Kitbag - connecting cultures through sports merchandise
Inside the Bag
First Published in SportBusiness
Sports e-commerce specialist Kitbag works with most of football’s major brands. But new sports and new approaches to selling sportswear and merchandise are seeing the company diversify. Matt Cutler spoke to CEO Andy Anson.
Tim Berners-Lee, the computer scientist credited with creating the internet, said he hoped the medium would primarily be used to “cross barriers and connect cultures”.
In sport, the internet has played an integral role in how sports teams communicate with their global fanbases, often on a 24/7 basis and in their own languages. News, results, highlights, interviews, fan clubs, tickets, stadium tours, merchandise – all can be accessed and bought on one website by a fan, wherever they are in the world, in an instant.
But being able to fully monetise the opportunities presented by such an online global fanbase has been a challenge for every major sports organisation in the last two decades, and no more so than in the way official merchandise is sold.
Regardless of the trade that exists for fake and poor quality replica shits, there is a huge hunger, particularly in football, for fans across the world to get their hands on official club gear.
However, setting up the operation to be able to do that – ensuring a Manchester United fan in China, for example, can get his or her hands on a brand new shirt and official mug securely and for the same price as other fans – is a challenge, both in terms of time and investment.
It is in this space that Manchester-based Kitbag has grown a significant business. Now under the leadership of Andy Anson, the former commercial director for Manchester United and the man who led England’s ultimately unsuccessful bid to host the 2018 FIFA World Cup, the company has long-term partnerships with a number of the world’s biggest football clubs to handle online club shops and merchandise distribution on their behalf.
“One thing [sports organisations] find hard is the internationalisation,” Anson told SportBusiness International. “We have a call centre where people can speak Korean, Japanese and numerous other languages on behalf of our various partners.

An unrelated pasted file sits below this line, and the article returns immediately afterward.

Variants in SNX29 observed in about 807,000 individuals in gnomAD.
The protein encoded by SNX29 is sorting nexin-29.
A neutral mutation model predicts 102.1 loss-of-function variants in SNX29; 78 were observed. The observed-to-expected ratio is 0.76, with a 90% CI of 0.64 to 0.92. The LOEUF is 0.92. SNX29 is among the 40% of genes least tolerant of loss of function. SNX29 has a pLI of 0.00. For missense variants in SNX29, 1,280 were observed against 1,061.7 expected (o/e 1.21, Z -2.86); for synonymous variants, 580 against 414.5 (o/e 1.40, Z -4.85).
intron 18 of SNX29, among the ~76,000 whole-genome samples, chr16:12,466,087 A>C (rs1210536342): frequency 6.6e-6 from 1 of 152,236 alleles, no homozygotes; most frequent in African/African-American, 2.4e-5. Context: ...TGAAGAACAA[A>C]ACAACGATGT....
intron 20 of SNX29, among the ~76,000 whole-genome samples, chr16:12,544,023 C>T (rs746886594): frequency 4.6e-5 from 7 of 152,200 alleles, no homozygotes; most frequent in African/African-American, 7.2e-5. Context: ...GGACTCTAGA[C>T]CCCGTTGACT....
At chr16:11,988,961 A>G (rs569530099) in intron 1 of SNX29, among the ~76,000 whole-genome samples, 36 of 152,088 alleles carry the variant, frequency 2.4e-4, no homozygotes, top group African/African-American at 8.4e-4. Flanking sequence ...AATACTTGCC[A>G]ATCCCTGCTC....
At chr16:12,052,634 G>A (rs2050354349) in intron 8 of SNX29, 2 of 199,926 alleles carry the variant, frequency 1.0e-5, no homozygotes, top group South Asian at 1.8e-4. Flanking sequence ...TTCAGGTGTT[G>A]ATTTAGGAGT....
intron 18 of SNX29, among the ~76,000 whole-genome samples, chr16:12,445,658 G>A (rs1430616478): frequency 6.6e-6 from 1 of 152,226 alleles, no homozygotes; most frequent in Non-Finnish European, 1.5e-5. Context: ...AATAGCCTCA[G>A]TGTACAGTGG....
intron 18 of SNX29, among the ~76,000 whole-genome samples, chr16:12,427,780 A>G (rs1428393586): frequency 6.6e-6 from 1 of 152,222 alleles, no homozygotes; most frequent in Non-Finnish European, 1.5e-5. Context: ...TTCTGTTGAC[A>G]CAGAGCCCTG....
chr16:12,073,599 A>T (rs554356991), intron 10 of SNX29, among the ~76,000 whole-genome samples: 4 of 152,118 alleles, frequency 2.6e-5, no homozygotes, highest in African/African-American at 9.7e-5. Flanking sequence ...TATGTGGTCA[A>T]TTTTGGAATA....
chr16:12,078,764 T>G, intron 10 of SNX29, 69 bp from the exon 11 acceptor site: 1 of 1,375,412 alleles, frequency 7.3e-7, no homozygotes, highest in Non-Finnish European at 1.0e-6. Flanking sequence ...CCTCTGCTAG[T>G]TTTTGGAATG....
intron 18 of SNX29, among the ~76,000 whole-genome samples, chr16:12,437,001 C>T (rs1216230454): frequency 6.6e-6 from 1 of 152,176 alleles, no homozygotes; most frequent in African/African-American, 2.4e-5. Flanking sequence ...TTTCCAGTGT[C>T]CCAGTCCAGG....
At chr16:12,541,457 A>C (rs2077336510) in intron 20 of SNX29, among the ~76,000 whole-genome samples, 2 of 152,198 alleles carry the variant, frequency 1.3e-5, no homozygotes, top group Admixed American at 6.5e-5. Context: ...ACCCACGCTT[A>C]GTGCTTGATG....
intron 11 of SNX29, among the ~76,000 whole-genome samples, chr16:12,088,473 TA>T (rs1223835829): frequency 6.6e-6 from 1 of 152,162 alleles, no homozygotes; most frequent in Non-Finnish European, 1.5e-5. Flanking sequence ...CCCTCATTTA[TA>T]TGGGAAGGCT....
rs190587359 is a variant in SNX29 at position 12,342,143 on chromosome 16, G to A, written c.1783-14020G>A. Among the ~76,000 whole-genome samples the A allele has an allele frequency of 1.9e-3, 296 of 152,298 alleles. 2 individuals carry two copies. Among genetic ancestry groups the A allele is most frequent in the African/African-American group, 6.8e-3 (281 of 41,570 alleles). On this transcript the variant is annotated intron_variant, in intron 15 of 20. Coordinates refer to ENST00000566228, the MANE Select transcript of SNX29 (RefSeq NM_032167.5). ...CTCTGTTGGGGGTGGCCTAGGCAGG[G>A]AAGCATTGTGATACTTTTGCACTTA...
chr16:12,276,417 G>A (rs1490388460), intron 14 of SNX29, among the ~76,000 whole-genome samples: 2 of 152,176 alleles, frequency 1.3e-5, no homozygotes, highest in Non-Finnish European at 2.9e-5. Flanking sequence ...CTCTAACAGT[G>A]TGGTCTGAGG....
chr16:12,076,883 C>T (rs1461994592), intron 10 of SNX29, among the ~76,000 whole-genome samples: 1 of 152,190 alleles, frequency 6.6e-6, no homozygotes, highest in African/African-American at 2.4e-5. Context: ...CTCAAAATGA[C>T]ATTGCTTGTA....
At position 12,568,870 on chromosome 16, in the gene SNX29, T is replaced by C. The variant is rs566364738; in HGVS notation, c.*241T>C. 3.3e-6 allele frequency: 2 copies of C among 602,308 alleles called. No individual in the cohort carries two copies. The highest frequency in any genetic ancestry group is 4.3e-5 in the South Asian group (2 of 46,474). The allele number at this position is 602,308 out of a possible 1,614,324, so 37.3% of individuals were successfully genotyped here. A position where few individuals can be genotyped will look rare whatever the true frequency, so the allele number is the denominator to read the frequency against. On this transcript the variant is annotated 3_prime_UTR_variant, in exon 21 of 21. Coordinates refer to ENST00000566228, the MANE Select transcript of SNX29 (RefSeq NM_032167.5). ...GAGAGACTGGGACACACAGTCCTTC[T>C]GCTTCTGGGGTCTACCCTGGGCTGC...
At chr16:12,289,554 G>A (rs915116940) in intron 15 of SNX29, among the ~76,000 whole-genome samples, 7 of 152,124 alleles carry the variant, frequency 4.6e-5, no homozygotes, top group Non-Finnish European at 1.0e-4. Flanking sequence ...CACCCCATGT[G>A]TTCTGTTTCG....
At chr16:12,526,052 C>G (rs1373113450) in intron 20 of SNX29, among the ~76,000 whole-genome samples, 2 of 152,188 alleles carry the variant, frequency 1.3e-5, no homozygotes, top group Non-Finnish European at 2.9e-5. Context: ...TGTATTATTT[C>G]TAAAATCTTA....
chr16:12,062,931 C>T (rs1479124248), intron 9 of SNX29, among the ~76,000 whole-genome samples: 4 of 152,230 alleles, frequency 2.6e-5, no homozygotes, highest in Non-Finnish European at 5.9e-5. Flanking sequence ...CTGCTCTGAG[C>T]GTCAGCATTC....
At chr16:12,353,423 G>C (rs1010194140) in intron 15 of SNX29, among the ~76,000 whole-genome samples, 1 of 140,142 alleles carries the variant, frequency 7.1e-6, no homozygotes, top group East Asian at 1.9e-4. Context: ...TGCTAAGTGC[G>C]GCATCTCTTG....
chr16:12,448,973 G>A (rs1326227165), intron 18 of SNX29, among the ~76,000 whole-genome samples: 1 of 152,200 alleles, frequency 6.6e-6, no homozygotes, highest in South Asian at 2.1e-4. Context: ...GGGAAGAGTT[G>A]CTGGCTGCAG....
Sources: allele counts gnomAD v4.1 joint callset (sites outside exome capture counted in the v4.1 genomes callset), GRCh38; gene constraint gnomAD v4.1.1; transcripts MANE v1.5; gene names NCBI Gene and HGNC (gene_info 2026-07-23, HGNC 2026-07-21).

That’s hard to do for a single sports organisation. But because we do it on behalf of many, it’s an easier investment to make.
“We also have a warehouse with 42,000 different products in it. A big football club will have around 1,000 different individual products, so someone like Manchester United will have their playing shirt, training kit, boots, keyrings, water bottles, United-branded t-shirts that aren’t Nike-branded…a huge product range that we hold in a 500,000-square-feet warehouse in Manchester. We ship from there to all around the world.”
Having established a reputation working in football, Kitbag is focusing business development on new sports and, in certain cases, moving outside its e-commerce comfort zone. Business development is handled by Anson himself, in addition to former lawyer Danny Downs, who moved into a position previously held by commercial director Ed Boardman.
“In this market, people usually either do it in-house or they come to us – we are quite lucky. It’s hard in football because we have a lot of the best clubs already signed up,” says Anson.
With every product Kitbag sells for a partner, it pays a royalty calculated as a percentage of the sale. That percentage varies from deal to deal, with the bigger football clubs tending to be a bit more aggressive in their deal-making than other sports organisations – meaning the percentage is higher – but ultimately, Anson says, Kitbag targets a net seven per cent return across the business.
“We work with Manchester United, Manchester City, Chelsea, Real Madrid, Barcelona, Borussia Dortmund, Olympic Marseille…clearly the biggest club in Germany is Bayern Munich, which does it in-house successfully, and there are three big Italian clubs we are talking to at the moment. But there’s only so many big football clubs, and we are looking at areas to expand.
“Since I joined, we’ve also looked to the big American sports and signed the NFL (National Football League), NBA (National Basketball Association) and NHL (National Hockey League) – there’s only the MLB (Major League Baseball) left to do and we are talking to them.”
Motor sport is also an area being targeted and in July Kitbag signed a deal with Formula One team McLaren, founded in 1963 by New Zealander Bruce McLaren and the third most successful team in the sport’s history behind Ferrari and Williams.
Under the agreement Kitbag operates the Formula One team’s online store and sells McLaren merchandise at grands prix and other motor sport-related events. It came about through an existing relationship Kitbag had running the online store for Formula One Management.
“McLaren is an incredible brand, which is very strong in the UK, but it couldn’t internationalise,” says Anson. “Its commercial team was looking to do something different with its e-commerce, but doing sites in Mandarin, Korean, Japanese, Arabic…it’s quite a big challenge.”